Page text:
A Christmas Carol by Charles Dickens

It’s Throwback Thursday and we’re reviewing one of literature’s classics!  During the month of December, we’re reviewing books that celebrate the season.  Enjoy!

A Christmas Carol

A Christmas Carol    

Charles Dickens (Adult Fiction)

How does one go about describing Ebenezer Scrooge?  Perhaps our story’s narrator says it best: “Oh!  But he was a tightfisted hand at the grindstone, Scrooge!  a squeezing, wrenching, grasping, scraping, clutching, covetous old sinner!  Hard and sharp as flint, from which no steel had ever struck out generous fire, secret, and self-contained, and solitary as an oyster.  The cold within him froze his old features, nipped his pointed nose, shriveled his cheek, stiffened his gait, made his eyes red, his thin lips blue, and spoke out shrewdly in his grating voice.”  Yes.  That will do nicely.  But no matter how vile Scrooge is, he has an equal by the name of Jacob Marley, his business partner that’s been dead seven years to the day.  This very night, Marley will pay a spectral visit to Scrooge in hopes of salvaging his former colleague’s soul and thus sparing him from an afterlife laden with rusty chains and regret.

A Christmas Carol is Dickens’ beloved and cherished Christmas song to the world.  First published in 1843, this classic story is divided into staves (or staffs) rather than chapters where every character is a note, every ghostly visit is a movement, and every revelation is a crescendo that builds to the climax when Scrooge realizes the dire consequences of his avarice and malevolence.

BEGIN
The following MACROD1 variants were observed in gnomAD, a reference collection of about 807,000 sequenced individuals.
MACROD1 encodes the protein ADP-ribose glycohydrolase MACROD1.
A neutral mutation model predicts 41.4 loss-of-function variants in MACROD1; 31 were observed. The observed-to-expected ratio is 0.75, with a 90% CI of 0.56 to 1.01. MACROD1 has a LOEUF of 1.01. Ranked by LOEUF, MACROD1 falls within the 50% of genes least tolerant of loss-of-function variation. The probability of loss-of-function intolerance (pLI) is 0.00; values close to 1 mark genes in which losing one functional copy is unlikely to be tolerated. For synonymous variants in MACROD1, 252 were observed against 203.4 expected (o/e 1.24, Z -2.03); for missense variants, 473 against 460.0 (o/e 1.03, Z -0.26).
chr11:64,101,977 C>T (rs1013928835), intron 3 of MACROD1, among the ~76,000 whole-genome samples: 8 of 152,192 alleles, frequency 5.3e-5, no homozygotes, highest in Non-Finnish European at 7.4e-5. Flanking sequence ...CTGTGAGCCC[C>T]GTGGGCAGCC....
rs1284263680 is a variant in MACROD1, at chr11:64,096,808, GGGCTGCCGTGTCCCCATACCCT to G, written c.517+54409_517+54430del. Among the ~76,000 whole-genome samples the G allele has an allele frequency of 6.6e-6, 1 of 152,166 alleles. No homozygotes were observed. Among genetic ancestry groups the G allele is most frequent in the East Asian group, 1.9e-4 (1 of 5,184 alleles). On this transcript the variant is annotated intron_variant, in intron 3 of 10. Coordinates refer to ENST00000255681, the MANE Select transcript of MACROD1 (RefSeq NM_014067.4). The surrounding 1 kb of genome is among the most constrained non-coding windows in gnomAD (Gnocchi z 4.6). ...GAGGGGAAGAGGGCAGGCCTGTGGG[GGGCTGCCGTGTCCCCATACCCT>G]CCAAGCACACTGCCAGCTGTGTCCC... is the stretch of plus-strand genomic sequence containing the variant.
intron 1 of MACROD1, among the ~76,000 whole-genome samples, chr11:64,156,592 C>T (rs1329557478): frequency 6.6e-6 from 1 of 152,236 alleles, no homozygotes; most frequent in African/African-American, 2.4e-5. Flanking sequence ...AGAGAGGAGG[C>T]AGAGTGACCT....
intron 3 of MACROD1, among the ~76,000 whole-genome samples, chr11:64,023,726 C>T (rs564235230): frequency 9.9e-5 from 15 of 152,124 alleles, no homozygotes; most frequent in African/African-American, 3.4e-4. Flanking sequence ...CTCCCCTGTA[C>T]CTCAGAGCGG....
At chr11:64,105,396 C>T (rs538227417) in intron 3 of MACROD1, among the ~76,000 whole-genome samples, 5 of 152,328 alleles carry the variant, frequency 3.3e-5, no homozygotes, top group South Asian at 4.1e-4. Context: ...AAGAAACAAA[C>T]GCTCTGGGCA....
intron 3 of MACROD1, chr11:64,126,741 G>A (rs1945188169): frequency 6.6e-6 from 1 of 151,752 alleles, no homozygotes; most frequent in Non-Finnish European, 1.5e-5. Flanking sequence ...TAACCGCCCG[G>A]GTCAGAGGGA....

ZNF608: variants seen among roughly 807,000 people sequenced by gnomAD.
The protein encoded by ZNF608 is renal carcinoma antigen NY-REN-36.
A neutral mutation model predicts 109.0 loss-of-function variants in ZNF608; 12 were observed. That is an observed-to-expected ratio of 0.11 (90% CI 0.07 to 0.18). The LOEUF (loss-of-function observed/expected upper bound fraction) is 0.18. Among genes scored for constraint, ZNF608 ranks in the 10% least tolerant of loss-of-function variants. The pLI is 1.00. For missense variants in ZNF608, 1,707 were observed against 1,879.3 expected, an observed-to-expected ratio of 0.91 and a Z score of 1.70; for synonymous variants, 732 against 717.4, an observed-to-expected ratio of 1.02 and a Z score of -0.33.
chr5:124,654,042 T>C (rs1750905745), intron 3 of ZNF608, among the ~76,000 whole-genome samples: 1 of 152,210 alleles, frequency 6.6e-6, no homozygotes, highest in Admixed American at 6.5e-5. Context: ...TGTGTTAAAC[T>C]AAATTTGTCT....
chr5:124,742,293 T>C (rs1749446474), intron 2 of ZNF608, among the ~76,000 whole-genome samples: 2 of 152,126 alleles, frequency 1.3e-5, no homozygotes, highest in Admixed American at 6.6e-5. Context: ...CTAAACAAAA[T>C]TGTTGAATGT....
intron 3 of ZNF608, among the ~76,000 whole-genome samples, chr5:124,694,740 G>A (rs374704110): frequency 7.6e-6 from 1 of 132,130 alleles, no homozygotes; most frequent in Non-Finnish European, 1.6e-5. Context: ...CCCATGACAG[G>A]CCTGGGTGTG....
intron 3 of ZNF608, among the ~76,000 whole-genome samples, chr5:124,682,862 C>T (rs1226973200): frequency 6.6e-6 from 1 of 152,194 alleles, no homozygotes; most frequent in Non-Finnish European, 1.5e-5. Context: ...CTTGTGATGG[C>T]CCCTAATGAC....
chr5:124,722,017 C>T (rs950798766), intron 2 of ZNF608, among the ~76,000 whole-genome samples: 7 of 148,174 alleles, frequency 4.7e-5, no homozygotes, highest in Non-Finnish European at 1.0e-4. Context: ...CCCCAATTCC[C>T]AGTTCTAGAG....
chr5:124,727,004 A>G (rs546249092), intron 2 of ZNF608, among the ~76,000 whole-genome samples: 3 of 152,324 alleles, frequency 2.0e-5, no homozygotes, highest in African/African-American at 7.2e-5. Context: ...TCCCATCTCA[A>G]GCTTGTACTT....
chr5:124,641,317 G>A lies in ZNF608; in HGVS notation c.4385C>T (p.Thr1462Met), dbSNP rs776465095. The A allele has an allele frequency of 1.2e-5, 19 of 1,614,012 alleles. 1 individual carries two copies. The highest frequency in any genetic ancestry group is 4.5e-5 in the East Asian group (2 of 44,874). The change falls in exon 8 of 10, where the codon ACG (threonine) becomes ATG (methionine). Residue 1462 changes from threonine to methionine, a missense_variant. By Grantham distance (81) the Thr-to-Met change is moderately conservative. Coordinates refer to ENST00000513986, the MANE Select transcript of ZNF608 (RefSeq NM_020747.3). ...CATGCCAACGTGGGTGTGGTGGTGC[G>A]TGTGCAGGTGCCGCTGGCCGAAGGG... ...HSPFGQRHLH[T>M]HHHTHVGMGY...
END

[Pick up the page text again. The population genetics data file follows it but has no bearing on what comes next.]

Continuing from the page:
There are more than two dozen film adaptations of A Christmas Carol, but nothing quite compares to reading and absorbing Dickens’ original words, which contain a few subtleties that are otherwise lost when presented visually.  One example is that prior to Marley’s visit, the characters of Bob Cratchit and Fred are nameless and simply given titles such “clerk in the tank” or “Scrooge’s nephew”.  This omission would lead the reader to conclude that these characters are inconsequential; however, it is only later in the book when we realize what an important part these individuals will eventually play in Ebenezer Scrooge’s road to redemption.

I love the many moral and spiritual lessons we can glean from A Christmas Carol: “In order to fully realize life, one must love and be loved in return”; “Learning begins with listening”; “It’s important to learn from the mistakes of others”; or, if you’re a businessowner, “Treat your employees nicely”.  My personal favorite is taken from Marley’s visit with Scrooge where the former says, “I am here tonight to warn you that you have yet a chance and hope of escaping my fate.”  In an uncertain world where, despite careful planning or our best intentions, life doesn’t always go the way we wish, and it is therefore important to remember that if there is a chance—no matter how slight or remote—then there is still hope.

Rating: 5/5

* Book cover image attributed to www.scholastic.com

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The Turn of the Screw by Henry James

It’s Throwback Thursday where we review a Classic from literature.  In honor of Halloween, we’ll be reviewing ghoulishly scary and spooky books throughout the month of October.

The Turn of the Screw

The Turn of the Screw  

Henry James (Adult Fiction)

It’s Christmas Eve and, as is ancient tradition, ghost stories are being told by a group of friends sitting around a fire.  Now a ghost story with one child in it would be—as everyone might agree—horrible, gruesome, and terrible even.  But a ghost story with two children?  Well, that would be just an inexcusable and abominable turn of the screw.  Wouldn’t it?  This is such a story.